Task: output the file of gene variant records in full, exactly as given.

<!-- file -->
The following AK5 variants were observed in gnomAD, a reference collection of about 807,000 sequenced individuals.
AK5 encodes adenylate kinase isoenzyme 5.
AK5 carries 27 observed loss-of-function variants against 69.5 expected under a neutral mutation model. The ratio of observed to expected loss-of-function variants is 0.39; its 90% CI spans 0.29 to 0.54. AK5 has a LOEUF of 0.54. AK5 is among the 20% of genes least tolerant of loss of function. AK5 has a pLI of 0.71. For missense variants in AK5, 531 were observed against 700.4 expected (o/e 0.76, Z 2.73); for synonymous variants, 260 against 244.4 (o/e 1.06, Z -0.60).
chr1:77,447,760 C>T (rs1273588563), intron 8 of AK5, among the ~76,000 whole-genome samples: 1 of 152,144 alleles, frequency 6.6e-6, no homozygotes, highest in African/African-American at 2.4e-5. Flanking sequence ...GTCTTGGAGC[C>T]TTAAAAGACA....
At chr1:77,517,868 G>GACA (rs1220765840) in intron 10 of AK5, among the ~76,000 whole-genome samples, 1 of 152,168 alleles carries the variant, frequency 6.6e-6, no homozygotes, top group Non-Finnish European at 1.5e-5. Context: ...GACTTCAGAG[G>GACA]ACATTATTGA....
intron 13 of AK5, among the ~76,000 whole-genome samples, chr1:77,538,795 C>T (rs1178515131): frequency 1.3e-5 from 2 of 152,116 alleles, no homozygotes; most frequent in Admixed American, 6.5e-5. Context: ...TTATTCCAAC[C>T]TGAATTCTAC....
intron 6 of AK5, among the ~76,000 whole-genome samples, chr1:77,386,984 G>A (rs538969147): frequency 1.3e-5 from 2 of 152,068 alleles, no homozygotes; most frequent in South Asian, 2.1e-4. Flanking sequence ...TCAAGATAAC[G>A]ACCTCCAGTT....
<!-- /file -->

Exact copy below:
The following AK5 variants were observed in gnomAD, a reference collection of about 807,000 sequenced individuals.
AK5 encodes adenylate kinase isoenzyme 5.
AK5 carries 27 observed loss-of-function variants against 69.5 expected under a neutral mutation model. The ratio of observed to expected loss-of-function variants is 0.39; its 90% CI spans 0.29 to 0.54. AK5 has a LOEUF of 0.54. AK5 is among the 20% of genes least tolerant of loss of function. AK5 has a pLI of 0.71. For missense variants in AK5, 531 were observed against 700.4 expected (o/e 0.76, Z 2.73); for synonymous variants, 260 against 244.4 (o/e 1.06, Z -0.60).
chr1:77,447,760 C>T (rs1273588563), intron 8 of AK5, among the ~76,000 whole-genome samples: 1 of 152,144 alleles, frequency 6.6e-6, no homozygotes, highest in African/African-American at 2.4e-5. Flanking sequence ...GTCTTGGAGC[C>T]TTAAAAGACA....
At chr1:77,517,868 G>GACA (rs1220765840) in intron 10 of AK5, among the ~76,000 whole-genome samples, 1 of 152,168 alleles carries the variant, frequency 6.6e-6, no homozygotes, top group Non-Finnish European at 1.5e-5. Context: ...GACTTCAGAG[G>GACA]ACATTATTGA....
intron 13 of AK5, among the ~76,000 whole-genome samples, chr1:77,538,795 C>T (rs1178515131): frequency 1.3e-5 from 2 of 152,116 alleles, no homozygotes; most frequent in Admixed American, 6.5e-5. Context: ...TTATTCCAAC[C>T]TGAATTCTAC....
intron 6 of AK5, among the ~76,000 whole-genome samples, chr1:77,386,984 G>A (rs538969147): frequency 1.3e-5 from 2 of 152,068 alleles, no homozygotes; most frequent in South Asian, 2.1e-4. Flanking sequence ...TCAAGATAAC[G>A]ACCTCCAGTT....